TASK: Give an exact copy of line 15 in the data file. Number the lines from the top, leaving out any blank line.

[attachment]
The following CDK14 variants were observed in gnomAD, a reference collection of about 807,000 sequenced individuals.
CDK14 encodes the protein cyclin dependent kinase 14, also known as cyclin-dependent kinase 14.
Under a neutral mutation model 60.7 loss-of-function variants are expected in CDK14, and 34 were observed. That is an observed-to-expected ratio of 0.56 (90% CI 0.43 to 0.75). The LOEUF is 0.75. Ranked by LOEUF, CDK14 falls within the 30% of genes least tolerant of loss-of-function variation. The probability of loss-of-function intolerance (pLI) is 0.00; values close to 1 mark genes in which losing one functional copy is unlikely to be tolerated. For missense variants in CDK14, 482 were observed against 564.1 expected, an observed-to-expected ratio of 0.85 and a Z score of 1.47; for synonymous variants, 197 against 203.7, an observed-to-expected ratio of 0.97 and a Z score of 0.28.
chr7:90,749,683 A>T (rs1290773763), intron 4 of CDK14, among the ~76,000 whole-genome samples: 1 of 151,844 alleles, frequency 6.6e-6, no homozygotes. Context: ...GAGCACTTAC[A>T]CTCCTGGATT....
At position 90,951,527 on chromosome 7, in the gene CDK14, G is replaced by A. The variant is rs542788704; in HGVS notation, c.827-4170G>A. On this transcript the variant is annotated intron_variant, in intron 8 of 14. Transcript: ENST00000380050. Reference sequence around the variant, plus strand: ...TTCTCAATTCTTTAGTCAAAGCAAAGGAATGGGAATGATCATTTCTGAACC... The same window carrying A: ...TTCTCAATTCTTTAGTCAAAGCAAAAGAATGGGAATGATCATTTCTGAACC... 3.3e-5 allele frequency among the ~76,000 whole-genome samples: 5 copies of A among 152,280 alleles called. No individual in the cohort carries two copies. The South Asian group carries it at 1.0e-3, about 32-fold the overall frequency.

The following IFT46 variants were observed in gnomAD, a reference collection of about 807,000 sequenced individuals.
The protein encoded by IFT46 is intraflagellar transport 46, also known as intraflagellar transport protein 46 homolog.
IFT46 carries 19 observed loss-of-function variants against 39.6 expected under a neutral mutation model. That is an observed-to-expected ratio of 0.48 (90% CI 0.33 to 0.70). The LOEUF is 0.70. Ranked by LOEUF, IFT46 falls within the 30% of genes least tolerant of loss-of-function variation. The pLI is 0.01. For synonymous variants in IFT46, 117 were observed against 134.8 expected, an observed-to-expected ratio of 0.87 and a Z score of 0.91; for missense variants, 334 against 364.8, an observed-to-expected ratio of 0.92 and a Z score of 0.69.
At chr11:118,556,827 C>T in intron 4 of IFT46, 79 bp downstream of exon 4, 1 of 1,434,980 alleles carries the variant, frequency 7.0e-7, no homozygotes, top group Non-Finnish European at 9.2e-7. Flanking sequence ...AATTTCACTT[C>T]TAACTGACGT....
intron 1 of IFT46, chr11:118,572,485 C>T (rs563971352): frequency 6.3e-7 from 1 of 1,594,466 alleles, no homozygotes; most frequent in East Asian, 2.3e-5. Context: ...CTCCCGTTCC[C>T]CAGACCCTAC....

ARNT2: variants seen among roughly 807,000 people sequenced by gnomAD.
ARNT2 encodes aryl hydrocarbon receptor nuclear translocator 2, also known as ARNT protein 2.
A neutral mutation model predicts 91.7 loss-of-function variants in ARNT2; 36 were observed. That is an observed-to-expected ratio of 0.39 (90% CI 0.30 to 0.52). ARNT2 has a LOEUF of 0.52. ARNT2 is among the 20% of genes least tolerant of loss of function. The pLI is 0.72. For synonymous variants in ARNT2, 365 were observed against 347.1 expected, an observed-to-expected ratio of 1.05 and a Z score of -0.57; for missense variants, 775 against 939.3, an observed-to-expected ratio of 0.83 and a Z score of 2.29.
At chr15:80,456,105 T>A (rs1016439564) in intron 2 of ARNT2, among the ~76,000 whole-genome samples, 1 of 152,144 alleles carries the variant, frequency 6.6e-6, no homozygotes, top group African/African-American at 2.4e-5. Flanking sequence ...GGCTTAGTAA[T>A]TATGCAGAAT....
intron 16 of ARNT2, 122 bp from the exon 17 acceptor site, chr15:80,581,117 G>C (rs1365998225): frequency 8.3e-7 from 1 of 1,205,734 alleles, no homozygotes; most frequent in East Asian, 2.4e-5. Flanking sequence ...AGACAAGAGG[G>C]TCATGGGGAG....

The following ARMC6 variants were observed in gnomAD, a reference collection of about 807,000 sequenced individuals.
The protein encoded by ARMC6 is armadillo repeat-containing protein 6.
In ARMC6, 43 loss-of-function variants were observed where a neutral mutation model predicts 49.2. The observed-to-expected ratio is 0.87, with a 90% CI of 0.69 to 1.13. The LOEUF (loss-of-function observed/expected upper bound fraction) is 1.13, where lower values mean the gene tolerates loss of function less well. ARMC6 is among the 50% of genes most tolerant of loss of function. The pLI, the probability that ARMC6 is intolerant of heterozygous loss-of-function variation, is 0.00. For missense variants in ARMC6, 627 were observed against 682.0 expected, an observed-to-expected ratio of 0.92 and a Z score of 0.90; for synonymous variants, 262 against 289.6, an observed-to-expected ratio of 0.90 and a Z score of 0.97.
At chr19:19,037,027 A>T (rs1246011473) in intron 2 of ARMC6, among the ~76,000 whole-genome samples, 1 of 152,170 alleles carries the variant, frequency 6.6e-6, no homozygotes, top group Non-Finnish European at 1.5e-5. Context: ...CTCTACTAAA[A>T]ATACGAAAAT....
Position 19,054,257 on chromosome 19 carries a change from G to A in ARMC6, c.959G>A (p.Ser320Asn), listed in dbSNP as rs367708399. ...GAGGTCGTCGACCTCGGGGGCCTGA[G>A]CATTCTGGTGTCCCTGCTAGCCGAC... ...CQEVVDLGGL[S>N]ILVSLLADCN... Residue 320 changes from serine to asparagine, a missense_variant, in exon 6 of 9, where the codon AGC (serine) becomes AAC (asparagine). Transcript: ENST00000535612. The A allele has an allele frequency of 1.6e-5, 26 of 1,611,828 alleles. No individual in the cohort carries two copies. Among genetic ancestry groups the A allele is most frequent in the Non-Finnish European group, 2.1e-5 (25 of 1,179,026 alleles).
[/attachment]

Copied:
intron 16 of ARNT2, 122 bp from the exon 17 acceptor site, chr15:80,581,117 G>C (rs1365998225): frequency 8.3e-7 from 1 of 1,205,734 alleles, no homozygotes; most frequent in East Asian, 2.4e-5. Flanking sequence ...AGACAAGAGG[G>C]TCATGGGGAG....